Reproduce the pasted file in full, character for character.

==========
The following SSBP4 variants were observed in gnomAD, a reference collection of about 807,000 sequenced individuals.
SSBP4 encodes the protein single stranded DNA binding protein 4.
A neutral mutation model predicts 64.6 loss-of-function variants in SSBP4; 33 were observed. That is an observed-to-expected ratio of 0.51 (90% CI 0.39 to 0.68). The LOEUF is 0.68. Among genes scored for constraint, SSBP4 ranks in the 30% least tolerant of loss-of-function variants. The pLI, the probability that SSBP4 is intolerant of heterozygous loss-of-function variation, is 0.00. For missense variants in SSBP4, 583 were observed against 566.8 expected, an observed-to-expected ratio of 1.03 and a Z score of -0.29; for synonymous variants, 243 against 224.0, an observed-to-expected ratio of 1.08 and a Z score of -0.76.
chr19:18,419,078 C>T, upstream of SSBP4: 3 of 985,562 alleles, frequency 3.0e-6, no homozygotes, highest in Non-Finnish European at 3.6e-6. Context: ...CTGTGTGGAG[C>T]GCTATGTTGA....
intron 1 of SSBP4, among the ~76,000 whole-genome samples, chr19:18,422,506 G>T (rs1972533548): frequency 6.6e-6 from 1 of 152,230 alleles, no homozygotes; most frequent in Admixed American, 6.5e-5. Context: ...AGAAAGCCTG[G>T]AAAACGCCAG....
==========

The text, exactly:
The following SSBP4 variants were observed in gnomAD, a reference collection of about 807,000 sequenced individuals.
SSBP4 encodes the protein single stranded DNA binding protein 4.
A neutral mutation model predicts 64.6 loss-of-function variants in SSBP4; 33 were observed. That is an observed-to-expected ratio of 0.51 (90% CI 0.39 to 0.68). The LOEUF is 0.68. Among genes scored for constraint, SSBP4 ranks in the 30% least tolerant of loss-of-function variants. The pLI, the probability that SSBP4 is intolerant of heterozygous loss-of-function variation, is 0.00. For missense variants in SSBP4, 583 were observed against 566.8 expected, an observed-to-expected ratio of 1.03 and a Z score of -0.29; for synonymous variants, 243 against 224.0, an observed-to-expected ratio of 1.08 and a Z score of -0.76.
chr19:18,419,078 C>T, upstream of SSBP4: 3 of 985,562 alleles, frequency 3.0e-6, no homozygotes, highest in Non-Finnish European at 3.6e-6. Context: ...CTGTGTGGAG[C>T]GCTATGTTGA....
intron 1 of SSBP4, among the ~76,000 whole-genome samples, chr19:18,422,506 G>T (rs1972533548): frequency 6.6e-6 from 1 of 152,230 alleles, no homozygotes; most frequent in Admixed American, 6.5e-5. Context: ...AGAAAGCCTG[G>T]AAAACGCCAG....